“I am aware that, whatever I’ve seen in a horse for the first time, my father’s probably experienced it a long time before me, and we talk about these things constantly.”

‘Sound horses don’t need medication’

Clement’s opinions about the two biggest issues in American racing, medication and artificial surfaces, are both fervent and well-reasoned.

“My father and I advocate less is always better with regards to medication,” he says “There is a perception issue in the States that all horses bleed, which is not true.

“And sound horses don’t need medication. When we were preparing Tonalist and Gio Ponti for big races, we published their medication records on the internet.

“My father has trained all this time and never had a positive [dope test]. But you have to be very disciplined, stay on top of it and be hands-on if you don’t want to make a mistake with medication because the rules in New York are a lot stricter than lots of other jurisdictions around the world.”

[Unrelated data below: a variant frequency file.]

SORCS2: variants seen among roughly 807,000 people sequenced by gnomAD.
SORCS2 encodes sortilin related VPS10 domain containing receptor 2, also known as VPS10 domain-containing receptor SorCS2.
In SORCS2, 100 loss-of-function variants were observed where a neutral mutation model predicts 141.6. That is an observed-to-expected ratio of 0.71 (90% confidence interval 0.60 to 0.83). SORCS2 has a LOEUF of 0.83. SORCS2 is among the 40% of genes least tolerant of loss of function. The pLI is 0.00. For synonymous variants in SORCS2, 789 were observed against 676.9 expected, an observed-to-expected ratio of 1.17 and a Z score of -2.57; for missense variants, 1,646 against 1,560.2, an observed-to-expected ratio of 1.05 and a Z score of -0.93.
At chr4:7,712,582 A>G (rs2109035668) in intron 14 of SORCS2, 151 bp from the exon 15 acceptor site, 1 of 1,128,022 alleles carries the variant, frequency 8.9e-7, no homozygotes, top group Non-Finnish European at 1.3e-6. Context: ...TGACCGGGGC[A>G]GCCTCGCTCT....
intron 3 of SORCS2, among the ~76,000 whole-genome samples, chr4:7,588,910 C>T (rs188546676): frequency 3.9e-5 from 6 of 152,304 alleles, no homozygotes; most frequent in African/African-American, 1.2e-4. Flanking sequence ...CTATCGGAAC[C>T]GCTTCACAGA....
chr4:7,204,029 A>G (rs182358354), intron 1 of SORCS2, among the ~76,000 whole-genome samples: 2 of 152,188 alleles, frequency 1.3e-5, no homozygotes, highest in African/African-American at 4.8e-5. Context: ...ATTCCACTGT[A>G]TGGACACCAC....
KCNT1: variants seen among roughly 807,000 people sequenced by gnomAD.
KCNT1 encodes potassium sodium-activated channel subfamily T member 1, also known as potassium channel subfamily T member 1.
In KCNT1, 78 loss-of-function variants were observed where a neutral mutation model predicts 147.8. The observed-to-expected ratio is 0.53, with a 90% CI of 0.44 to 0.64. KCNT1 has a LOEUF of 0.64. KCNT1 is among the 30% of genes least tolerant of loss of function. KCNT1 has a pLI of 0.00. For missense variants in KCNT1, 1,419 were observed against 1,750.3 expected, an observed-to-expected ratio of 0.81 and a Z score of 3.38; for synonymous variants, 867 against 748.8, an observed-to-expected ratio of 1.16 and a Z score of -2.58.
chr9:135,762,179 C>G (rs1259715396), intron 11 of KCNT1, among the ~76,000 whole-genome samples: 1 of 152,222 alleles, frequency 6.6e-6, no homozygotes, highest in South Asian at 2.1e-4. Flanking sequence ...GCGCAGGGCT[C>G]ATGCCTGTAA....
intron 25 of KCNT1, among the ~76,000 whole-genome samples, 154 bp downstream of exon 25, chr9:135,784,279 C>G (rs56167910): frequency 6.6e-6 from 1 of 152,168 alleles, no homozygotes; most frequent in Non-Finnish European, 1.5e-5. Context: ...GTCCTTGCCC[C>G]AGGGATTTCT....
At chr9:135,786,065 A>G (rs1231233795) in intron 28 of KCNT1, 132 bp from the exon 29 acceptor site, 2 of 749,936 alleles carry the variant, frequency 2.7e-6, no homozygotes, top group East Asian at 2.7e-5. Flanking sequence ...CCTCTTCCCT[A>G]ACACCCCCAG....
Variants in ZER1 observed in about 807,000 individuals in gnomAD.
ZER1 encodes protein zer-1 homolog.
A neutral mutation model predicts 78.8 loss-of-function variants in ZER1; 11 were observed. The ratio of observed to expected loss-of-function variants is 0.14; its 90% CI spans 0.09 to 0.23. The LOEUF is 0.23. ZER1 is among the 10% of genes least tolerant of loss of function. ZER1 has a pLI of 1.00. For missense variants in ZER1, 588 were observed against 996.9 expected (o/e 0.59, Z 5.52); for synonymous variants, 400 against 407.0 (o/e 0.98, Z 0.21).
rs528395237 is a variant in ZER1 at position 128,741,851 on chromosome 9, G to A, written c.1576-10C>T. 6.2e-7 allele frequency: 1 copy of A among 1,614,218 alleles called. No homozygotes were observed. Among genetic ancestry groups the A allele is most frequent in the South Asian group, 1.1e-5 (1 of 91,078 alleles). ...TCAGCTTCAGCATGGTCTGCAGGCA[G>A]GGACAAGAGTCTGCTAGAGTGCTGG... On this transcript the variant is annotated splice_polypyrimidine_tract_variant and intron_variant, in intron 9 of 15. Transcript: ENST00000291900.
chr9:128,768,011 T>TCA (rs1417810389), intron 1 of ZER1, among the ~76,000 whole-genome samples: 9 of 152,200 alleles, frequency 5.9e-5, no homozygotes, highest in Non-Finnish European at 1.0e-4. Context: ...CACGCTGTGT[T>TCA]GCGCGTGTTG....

He added: “Another big misconception is that dirt is not safe. It’s perfectly safe, it’s a great track, as long as it’s fast and not sloppy.

Golden rule

“We have a golden rule that we don’t train horses on the slop, which means that intended work mornings can be very frustrating.

“Artificial tracks have many benefits, especially when it rains, and ideally you should be able to use both, a dirt track in the dry and artificial in the wet, but it’s a question of finance and the cost of installing them alongside one another.”

So, when might we see Miguel’s name on a training licence? The answer, somewhat surprisingly, is ‘no time soon’.

“My dad and I are exceptionally close and work very well together,” Clement explains. “I’m incredibly fortunate that Hugo has been kind enough to give me the opportunity to work full-time away from home for a while and maybe, after a couple of years, I’ll head back to my father.

“My dad’s still very young, he’s only just turned 50, and there have been a lot of very successful father and son partnerships in the past.”